‘It seems the packaging industry has sometimes made defensive moves on sustainability,’ Ghnassia says. ‘They are not necessarily the ones who push the issue. The suppliers who can adapt fast will be favoured. This is not a fad.’

‘Sustainability has become a higher priority over the last few years,’ stresses Roberts, ‘but it has now become our out-and-out number one priority. It is key to our business model. We understand that suppliers need time to respond, and we do try to see ourselves through their eyes, but we are finding that the companies that have the ideas around sustainability are the new companies, not necessarily the established suppliers.’

Furthermore, the pressure on packaging companies to respond to the sustainability agenda is only likely to grow more intense, just as product companies like Danone must respond to the needs of retailers, more of which are starting to realise the value − in both social and business terms − of pushing the green agenda.


For Danone and other leading product companies, the factors influencing supplier decisions will increasingly be weighted towards performance on sustainability as well as cost-efficiency. Finding partners who can respond quickly to their needs requires that such companies work in closer partnership with their suppliers – whether for packaging or ingredients – and meet each challenge with an integrated and co-coordinated approach.

For Roberts, sustainability should lead companies to look further down the supply chain, beyond their immediate suppliers, to consider issues such as packaging materials and how they are sourced.

‘We need to set the strategic agenda, but we can’t do it alone,’ he says. ‘The retailers are pushing hard on sustainability. A lot has been invested in the plastic and petrochemical chain to make recycled plastic into bottles, but the petrochemical industry is not very environmentally friendly. Do we challenge it to improve, or do we move away from it?’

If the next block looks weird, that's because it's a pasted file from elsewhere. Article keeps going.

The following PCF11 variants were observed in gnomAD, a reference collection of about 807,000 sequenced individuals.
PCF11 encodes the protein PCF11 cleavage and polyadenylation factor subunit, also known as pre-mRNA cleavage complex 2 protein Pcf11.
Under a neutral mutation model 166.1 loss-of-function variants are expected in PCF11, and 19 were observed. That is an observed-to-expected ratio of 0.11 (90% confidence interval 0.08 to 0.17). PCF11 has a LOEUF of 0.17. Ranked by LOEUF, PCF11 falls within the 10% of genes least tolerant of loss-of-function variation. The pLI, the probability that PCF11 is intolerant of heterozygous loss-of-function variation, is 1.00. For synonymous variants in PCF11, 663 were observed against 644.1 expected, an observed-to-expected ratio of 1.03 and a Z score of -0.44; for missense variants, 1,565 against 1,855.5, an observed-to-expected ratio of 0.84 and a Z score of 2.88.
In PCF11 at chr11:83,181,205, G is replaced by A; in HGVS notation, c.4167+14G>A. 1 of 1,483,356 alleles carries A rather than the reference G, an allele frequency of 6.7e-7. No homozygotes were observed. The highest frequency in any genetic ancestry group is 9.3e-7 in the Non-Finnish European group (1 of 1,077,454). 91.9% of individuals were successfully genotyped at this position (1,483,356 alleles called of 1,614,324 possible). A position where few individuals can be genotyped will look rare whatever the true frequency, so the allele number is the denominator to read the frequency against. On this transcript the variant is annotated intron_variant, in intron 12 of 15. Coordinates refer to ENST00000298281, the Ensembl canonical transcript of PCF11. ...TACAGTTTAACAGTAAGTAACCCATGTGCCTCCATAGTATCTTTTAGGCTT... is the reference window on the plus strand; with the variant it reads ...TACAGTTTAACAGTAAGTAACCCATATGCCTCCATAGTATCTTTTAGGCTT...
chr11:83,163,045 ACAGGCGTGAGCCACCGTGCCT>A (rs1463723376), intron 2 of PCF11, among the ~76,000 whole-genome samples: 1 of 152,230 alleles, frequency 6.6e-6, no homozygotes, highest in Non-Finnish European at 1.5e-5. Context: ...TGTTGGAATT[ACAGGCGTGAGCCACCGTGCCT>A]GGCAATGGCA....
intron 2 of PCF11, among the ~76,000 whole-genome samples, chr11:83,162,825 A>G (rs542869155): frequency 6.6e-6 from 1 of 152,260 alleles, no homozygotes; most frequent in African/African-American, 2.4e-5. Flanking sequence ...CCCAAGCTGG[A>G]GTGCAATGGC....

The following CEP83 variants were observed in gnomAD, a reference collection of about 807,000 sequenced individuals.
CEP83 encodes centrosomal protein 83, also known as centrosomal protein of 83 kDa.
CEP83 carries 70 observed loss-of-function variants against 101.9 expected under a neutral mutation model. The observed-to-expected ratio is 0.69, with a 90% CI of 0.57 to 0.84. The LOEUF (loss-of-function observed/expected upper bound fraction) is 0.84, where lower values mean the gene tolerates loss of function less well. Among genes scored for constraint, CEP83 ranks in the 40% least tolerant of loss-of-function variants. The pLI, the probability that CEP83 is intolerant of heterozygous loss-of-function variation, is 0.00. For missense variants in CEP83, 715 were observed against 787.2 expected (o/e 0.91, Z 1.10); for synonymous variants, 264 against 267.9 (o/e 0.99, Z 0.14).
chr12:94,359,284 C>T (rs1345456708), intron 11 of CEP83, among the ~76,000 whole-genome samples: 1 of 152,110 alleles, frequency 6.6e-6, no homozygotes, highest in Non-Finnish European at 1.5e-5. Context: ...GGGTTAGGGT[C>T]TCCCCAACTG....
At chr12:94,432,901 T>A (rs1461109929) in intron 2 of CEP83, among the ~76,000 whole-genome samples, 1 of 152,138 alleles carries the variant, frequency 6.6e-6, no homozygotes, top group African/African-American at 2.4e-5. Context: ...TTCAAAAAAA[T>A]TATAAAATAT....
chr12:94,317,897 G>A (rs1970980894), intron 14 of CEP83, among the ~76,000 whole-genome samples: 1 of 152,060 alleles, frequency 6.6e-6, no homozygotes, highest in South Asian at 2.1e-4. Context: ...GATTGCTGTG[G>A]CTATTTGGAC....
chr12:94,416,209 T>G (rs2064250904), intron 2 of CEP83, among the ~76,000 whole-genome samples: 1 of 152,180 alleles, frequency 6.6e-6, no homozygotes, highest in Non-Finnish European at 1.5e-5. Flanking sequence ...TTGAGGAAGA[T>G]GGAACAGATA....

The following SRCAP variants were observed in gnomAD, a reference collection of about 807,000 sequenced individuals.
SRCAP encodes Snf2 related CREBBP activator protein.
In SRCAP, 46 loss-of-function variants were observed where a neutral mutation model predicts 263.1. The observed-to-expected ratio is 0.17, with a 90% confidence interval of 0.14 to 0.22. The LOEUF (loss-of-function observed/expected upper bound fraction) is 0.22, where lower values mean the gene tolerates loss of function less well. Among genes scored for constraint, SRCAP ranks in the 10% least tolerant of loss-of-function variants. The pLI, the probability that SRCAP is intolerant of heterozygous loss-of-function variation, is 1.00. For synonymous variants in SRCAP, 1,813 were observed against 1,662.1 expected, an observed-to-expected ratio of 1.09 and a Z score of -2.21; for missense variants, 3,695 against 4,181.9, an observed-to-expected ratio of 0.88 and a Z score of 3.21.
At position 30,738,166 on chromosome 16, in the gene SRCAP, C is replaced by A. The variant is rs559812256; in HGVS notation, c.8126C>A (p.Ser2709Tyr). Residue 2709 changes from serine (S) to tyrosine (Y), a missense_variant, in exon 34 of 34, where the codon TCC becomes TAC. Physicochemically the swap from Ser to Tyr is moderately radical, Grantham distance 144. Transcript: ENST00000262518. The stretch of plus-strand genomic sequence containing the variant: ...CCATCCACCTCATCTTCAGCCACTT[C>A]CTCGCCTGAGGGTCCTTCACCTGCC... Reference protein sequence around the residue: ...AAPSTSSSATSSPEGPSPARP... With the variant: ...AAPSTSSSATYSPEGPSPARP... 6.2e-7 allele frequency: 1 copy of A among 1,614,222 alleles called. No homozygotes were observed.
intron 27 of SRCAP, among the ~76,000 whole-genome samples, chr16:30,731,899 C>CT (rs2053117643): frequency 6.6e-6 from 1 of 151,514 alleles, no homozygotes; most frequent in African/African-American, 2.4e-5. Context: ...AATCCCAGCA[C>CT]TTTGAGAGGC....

The answer is that Danone is unlikely to cut out the industry but will work with suppliers to help them improve their environmental profile.

‘That industry is looking to go green, and is constructing PLA plants and moving to renewable energy sources, but it certainly faces a challenge,’ agrees Ghnassia.


If proof were needed that times have changed and attitudes towards sustainability are maturing, one need only look at Danone’s experience of using environmentally friendly packaging materials.

“In the dairy sector, our research and development has been restructured around individual brands.”

In the mid-1990s, Danone launched a yogurt pot in the German market made from polyactic acid (PLA). It was biodegradable, grease and oil resistant, clear, crystalline and suitable for food contact. PLA is now a material with obvious applications in the manufacture of cups, food containers, bottles and film packaging.

As Ghnassia observes, the petrochemical industry is investing in PLA now, and there is much wider discussion about it as a viable material.

Danone was an early mover in using such new materials, but a decade ago the consumer market was less concerned with green issues, and the yogurt pot did not have the kind of impact it might have today. The demands of the market are catching up with capability of materials and technology in the packaging sector. ‘Back then it was too early, though we may look at it again in the future,’ says Ghnassia. ‘Green polymers will certainly be important and we are very enthusiastic
about bio-plastics, though we need to look closely at the cost profile.’

Both Ghnassia and Roberts believe there is growing evidence – statistical and anecdotal – of consumer behaviour being more heavily influenced by environmental considerations. Carbon footprints, water consumption, energy use, recycling and biodegradability are increasingly part of consumer consciousness, and though their influence on purchasing decisions may still be marginal, they are likely to become more powerful forces in the future.